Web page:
Among a total of 14 volunteers, including Cook, the gene-editing tool was found to be associated with “significant improvement” in most patients’ vision about three months later and it was not directly linked to serious side effects, depending on the organization. results of the trial, published Monday in the New England Journal of Medicine. The therapy remains experimental and the results need to be replicated in a larger group of people.

Months after treatment, Cook sat with friends on a balcony whose railing was surrounded by Christmas lights. It was dusk, she remembers, but she could see her friends’ faces glowing under the twinkling Christmas lights. She was shocked.

“With my right eye, I was not able to see their facial features. I could only see their silhouette. With my left eye I could see everything on their face – so a significant difference, especially in the dim light,” Cook said of that evening.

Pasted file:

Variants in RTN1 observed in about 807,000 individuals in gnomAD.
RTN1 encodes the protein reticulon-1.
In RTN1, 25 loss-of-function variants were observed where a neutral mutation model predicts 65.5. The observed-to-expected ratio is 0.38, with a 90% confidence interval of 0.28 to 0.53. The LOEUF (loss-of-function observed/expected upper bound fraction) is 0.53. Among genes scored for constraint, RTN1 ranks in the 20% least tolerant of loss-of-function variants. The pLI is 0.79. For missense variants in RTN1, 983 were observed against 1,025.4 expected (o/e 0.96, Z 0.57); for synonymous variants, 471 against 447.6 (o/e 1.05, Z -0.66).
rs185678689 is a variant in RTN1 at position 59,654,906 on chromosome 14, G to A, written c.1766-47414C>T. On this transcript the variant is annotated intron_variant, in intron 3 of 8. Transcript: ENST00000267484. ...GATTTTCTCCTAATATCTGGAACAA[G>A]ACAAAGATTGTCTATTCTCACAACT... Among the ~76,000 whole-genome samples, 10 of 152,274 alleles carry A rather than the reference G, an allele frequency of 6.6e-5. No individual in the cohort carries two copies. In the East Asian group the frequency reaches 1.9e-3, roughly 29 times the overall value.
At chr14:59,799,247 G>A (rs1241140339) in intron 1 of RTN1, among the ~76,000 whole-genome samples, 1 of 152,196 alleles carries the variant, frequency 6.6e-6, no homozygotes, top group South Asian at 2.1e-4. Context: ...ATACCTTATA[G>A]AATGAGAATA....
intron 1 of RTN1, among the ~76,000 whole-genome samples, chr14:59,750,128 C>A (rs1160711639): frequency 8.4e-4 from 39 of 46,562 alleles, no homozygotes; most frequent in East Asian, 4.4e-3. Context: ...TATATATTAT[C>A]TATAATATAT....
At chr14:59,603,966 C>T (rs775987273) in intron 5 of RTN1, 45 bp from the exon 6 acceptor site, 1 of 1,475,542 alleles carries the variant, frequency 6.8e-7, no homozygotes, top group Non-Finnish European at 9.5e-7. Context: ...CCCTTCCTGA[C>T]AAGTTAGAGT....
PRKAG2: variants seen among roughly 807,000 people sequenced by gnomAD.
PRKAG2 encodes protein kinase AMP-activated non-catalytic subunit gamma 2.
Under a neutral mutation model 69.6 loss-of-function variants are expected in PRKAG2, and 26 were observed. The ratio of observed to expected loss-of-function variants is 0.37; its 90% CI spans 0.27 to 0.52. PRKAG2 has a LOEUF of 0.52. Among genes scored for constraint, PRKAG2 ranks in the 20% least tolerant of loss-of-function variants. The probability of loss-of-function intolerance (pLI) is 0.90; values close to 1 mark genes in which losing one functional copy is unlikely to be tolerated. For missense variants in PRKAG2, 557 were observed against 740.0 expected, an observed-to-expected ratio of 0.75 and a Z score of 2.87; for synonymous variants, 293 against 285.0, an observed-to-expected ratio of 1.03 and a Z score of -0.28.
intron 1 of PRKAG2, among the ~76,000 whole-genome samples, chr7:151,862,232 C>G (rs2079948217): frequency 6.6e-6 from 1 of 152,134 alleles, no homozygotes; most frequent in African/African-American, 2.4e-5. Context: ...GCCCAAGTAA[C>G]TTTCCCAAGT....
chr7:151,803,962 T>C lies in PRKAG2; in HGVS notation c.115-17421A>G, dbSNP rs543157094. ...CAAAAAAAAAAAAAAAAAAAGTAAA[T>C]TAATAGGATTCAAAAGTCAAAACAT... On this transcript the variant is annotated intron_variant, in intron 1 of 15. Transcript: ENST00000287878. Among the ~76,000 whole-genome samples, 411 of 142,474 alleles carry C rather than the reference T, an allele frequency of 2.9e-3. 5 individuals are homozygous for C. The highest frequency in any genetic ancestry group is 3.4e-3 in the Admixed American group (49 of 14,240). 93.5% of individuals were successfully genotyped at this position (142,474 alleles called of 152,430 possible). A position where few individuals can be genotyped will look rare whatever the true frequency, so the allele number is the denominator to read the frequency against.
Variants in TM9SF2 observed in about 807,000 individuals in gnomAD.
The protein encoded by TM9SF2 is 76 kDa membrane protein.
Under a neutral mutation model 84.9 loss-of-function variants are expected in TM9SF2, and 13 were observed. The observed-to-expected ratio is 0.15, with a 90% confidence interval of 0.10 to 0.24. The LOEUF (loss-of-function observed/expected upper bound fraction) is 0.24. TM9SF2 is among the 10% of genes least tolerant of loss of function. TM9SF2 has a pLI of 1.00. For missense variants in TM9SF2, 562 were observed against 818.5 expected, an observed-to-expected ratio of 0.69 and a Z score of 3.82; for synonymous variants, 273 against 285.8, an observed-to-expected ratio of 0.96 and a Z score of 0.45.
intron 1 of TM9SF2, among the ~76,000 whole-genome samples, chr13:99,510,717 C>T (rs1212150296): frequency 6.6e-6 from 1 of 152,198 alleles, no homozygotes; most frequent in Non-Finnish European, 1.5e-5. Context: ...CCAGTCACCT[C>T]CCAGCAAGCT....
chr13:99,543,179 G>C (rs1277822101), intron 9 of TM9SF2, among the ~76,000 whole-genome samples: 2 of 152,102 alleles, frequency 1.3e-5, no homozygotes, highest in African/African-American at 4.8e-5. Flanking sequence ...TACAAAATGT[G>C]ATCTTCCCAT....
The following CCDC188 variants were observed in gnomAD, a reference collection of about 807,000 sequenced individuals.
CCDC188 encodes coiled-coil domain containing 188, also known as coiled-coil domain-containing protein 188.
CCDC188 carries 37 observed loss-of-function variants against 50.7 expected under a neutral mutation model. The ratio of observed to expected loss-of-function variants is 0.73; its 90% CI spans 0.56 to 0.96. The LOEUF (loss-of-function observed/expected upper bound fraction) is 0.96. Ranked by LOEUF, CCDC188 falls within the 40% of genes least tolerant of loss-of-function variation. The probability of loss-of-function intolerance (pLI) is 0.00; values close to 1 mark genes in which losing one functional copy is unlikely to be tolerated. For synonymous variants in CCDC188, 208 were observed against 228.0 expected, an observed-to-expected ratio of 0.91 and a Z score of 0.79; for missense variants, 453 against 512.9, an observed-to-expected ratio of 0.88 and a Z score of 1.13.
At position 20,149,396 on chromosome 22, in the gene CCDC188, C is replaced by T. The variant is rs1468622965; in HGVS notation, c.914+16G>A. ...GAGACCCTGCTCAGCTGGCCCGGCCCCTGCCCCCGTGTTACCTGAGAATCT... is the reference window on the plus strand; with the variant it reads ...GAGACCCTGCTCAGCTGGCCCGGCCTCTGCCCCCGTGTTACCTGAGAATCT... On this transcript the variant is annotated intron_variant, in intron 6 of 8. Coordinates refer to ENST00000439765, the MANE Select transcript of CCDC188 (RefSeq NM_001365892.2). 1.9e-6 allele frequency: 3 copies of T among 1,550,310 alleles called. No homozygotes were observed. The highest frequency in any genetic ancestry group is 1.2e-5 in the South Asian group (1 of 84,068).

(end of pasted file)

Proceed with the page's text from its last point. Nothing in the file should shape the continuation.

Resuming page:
“One of the biggest ‘aha’ moments I experienced was I was talking to my mom a day after surgery. It was about six to nine months after surgery when I noticed the essential to my improvement,” Cook said.

“I could see a candle flickering behind me, which I had never seen before,” she said. “I’ve never picked up anything there before with the device.”

Courtesy of Olivia Cook

Olivia Cook, 22, received the experimental CRISPR-based therapy and now says her vision has improved.

Before treatment, Cook said she could sometimes hide the vision problems she had. His limited vision was often the result of an internal struggle.